Saturday, July 13, 2013

Taking advantage of paddling Chicago's manmade shoreline

Our local environment. Photo credit: Joyce Ann
When we think about taking advantage of a local paddling environment, we tend to think about exciting and even exotic things: rock gardens, tidal races and tiny islands.

Here in Chicago, we don't have any of those natural features. Our 28-mile shoreline is manmade, an urban coast comprised of beaches and break walls, punctuated by piers and harbors. Our shoreline is highly developed, and in places, the offshore waters are bustling with tour boats and recreational traffic on summer weekends. How do you take advantage of that?

Some of Chicago's offshore manmade structures: the Chicago Harbor Light and breakwall.
In fact, this environment is ideal for a course on risk assessment, leadership, group management and good decision-making. These were the foci of our recent Open Water Journeying course, which we created to enable students to plan and execute safe and enjoyable day trips.

Participants in our Open Water Journeying course making sure their boats and kit are ready for the day's paddle.
Over the course of the day, we assessed the actual risks we faced that day and found ways to mitigate them. We discussed general principles of leadership and group management, agreed upon ways to communicate among ourselves, and practiced communicating with lock tenders and commercial vessels.

Following appropriate protocol to hail the lock tender on a VHF radio.
We developed strategies for safely paddling through areas with complex boat traffic patterns. We kept together as a tight group during longer crossings and correctly estimated the time it would take us to complete them.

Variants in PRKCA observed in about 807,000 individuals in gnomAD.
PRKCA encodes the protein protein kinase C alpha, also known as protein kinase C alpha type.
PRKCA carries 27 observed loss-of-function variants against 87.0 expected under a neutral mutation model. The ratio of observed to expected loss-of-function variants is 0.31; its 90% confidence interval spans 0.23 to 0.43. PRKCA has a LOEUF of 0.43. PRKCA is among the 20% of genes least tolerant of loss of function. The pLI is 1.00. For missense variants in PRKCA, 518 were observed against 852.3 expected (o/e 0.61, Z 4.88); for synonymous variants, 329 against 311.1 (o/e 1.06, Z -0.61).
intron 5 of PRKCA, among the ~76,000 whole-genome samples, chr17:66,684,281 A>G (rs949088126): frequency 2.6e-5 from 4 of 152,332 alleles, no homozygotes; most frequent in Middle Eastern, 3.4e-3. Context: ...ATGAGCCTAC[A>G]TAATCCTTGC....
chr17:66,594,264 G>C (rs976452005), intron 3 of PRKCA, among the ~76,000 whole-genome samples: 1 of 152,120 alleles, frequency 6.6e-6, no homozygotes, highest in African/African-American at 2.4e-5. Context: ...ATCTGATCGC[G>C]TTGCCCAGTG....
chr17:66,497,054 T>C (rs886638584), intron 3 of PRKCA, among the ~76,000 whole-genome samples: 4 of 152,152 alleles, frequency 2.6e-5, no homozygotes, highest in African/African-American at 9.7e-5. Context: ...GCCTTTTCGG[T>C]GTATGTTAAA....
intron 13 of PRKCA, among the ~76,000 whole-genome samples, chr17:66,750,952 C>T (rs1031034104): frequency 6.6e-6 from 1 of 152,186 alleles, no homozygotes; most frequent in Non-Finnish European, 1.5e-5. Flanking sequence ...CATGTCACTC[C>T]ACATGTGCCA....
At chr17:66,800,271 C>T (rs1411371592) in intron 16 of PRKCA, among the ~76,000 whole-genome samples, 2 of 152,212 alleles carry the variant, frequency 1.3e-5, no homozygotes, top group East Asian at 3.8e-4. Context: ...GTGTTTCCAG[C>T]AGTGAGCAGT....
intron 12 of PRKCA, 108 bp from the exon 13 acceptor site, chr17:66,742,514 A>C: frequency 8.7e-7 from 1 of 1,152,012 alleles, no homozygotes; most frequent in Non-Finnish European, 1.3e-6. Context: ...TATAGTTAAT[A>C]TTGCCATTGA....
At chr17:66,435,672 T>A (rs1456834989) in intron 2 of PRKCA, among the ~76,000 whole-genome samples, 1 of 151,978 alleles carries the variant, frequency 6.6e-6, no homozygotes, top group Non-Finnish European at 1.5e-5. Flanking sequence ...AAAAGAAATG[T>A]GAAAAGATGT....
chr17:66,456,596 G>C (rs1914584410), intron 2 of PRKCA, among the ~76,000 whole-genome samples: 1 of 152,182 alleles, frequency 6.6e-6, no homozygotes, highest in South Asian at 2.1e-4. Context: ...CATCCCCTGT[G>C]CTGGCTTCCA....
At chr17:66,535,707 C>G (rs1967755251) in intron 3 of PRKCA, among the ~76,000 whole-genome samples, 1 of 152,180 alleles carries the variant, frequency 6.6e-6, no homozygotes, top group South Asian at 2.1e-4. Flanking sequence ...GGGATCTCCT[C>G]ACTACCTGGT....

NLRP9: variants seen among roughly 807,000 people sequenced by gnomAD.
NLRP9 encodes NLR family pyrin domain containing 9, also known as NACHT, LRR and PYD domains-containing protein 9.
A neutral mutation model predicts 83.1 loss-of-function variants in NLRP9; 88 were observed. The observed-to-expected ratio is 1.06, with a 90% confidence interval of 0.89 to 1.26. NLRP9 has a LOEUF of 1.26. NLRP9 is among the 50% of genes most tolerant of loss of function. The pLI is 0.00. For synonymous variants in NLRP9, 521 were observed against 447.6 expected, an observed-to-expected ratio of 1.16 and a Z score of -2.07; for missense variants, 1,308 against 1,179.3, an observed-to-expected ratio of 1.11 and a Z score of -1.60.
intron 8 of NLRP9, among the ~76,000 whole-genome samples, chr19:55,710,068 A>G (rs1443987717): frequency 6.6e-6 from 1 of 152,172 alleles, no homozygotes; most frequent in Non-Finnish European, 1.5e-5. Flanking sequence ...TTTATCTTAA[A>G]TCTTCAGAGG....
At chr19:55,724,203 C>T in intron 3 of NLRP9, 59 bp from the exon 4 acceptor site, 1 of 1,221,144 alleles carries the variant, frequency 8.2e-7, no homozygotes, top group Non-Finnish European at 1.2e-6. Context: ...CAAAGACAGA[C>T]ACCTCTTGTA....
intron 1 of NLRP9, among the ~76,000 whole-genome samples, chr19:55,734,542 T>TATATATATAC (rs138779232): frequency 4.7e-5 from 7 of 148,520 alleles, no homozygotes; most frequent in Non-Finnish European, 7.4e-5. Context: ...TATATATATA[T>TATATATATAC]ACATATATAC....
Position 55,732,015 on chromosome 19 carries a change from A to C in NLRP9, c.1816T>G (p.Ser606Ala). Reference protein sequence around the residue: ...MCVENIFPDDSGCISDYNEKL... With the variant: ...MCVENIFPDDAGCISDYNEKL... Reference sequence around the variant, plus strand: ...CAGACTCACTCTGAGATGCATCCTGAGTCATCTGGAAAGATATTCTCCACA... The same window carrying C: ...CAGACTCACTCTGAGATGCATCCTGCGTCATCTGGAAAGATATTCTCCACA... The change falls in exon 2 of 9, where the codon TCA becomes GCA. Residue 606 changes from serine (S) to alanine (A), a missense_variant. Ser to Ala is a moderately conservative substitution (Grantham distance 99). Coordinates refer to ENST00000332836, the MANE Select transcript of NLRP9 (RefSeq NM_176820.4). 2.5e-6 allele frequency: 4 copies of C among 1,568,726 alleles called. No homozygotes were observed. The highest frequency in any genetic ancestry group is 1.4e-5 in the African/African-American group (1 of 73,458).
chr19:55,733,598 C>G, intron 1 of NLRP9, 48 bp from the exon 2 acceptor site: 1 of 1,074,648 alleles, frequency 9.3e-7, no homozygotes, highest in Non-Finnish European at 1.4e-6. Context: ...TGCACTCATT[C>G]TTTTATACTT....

Keeping a group together during a longer crossing.
We launched and landed on docks and other structures.

Chicago offers a variety of launching and landing challenges.
We've long appreciated other features of our shoreline: the break walls that generate exciting clapotis when waves approaching and leaving them collide; the north-facing beaches where we can surf when conditions are right. But it's easy to overlook this area's other environmental assets--a hazard of paddling any place that's very familiar--or to regard them as negatives.

Following proper procedures in the Chicago Harbor Lock. Photo credit: Joyce Ann
Sure, there are days when we wish there were less traffic, and we definitely take advantage of every opportunity to paddle or coach in places with more beautiful and interesting natural features. But wherever we are, we try to appreciate what we have. And when we're on the water in Chicago, that's Lake Michigan's urban coastline in all its manmade glory.

Making good choices before a complicated crossing through boat traffic. Photo credit: Joyce Ann

1 comment:

Terri Bauman said...

Alec and Sharon,

It's been awhile since I've been in downtown Chicago and seeing it from the perspective of being in my kayak was awesome! The landscape and architecture of the buildings was a beautiful site in its own right. We had a perfect day and I thoroughly enjoyed the instruction you offered. I definitely learned a lot. Can't wait to do it again!